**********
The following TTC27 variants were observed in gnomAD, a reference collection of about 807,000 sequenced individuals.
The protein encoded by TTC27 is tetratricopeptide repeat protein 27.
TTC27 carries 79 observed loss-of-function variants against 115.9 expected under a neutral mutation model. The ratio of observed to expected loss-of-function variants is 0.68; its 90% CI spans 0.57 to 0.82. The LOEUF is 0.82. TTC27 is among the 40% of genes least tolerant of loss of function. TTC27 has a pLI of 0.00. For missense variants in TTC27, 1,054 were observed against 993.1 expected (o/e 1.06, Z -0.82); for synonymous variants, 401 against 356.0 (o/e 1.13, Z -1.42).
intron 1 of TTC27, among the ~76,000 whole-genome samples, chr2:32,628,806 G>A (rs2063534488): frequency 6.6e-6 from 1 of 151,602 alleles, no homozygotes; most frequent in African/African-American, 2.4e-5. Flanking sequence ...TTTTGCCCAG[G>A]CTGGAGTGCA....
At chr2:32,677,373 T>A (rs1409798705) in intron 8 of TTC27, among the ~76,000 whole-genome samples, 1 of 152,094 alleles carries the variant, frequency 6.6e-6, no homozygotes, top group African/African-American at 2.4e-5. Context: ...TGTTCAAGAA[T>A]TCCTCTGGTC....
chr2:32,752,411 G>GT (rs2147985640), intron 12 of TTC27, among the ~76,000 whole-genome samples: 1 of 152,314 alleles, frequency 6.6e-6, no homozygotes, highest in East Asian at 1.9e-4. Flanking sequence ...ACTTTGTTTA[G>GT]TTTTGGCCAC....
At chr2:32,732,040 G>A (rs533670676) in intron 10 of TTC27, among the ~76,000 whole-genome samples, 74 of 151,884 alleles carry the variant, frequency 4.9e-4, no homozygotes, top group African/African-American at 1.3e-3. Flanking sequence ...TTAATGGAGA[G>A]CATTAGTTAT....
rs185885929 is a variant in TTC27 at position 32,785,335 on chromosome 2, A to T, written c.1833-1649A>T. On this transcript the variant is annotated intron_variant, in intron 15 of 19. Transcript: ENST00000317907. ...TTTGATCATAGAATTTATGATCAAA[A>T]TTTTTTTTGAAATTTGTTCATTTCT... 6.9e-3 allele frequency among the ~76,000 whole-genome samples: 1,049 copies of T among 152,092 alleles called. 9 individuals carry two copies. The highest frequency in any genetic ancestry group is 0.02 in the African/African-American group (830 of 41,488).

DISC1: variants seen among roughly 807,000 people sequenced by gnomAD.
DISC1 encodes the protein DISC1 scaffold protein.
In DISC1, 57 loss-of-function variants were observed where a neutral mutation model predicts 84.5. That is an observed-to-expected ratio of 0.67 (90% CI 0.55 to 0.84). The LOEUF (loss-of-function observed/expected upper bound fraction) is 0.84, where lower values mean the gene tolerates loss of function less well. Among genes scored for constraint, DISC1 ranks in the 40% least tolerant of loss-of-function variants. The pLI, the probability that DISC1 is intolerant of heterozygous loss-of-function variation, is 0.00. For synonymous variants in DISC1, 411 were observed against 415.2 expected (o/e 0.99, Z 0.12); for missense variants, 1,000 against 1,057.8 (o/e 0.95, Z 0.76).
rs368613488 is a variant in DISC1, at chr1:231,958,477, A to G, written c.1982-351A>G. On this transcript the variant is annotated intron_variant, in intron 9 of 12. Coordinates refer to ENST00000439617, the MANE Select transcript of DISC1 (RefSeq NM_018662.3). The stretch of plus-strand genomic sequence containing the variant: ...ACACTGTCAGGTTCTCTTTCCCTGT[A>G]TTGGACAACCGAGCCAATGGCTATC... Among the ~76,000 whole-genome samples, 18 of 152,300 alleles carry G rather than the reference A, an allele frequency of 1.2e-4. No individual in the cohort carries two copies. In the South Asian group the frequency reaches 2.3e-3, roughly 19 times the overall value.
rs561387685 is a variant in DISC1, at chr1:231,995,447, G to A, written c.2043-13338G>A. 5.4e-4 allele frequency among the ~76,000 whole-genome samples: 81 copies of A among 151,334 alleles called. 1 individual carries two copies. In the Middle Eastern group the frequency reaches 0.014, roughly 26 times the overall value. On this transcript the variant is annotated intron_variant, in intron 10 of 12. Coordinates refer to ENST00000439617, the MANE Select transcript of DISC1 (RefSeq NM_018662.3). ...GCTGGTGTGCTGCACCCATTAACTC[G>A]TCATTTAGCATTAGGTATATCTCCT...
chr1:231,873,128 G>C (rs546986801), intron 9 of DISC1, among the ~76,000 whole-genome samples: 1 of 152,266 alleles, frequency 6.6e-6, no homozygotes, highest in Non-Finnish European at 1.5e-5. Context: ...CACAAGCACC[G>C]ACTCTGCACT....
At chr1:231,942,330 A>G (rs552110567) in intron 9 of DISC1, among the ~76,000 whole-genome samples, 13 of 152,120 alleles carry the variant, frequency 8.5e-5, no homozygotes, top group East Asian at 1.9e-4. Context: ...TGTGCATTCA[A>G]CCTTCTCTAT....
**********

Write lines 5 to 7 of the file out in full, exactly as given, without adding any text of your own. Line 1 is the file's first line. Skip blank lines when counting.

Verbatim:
At chr2:32,677,373 T>A (rs1409798705) in intron 8 of TTC27, among the ~76,000 whole-genome samples, 1 of 152,094 alleles carries the variant, frequency 6.6e-6, no homozygotes, top group African/African-American at 2.4e-5. Context: ...TGTTCAAGAA[T>A]TCCTCTGGTC....
chr2:32,752,411 G>GT (rs2147985640), intron 12 of TTC27, among the ~76,000 whole-genome samples: 1 of 152,314 alleles, frequency 6.6e-6, no homozygotes, highest in East Asian at 1.9e-4. Flanking sequence ...ACTTTGTTTA[G>GT]TTTTGGCCAC....
At chr2:32,732,040 G>A (rs533670676) in intron 10 of TTC27, among the ~76,000 whole-genome samples, 74 of 151,884 alleles carry the variant, frequency 4.9e-4, no homozygotes, top group African/African-American at 1.3e-3. Flanking sequence ...TTAATGGAGA[G>A]CATTAGTTAT....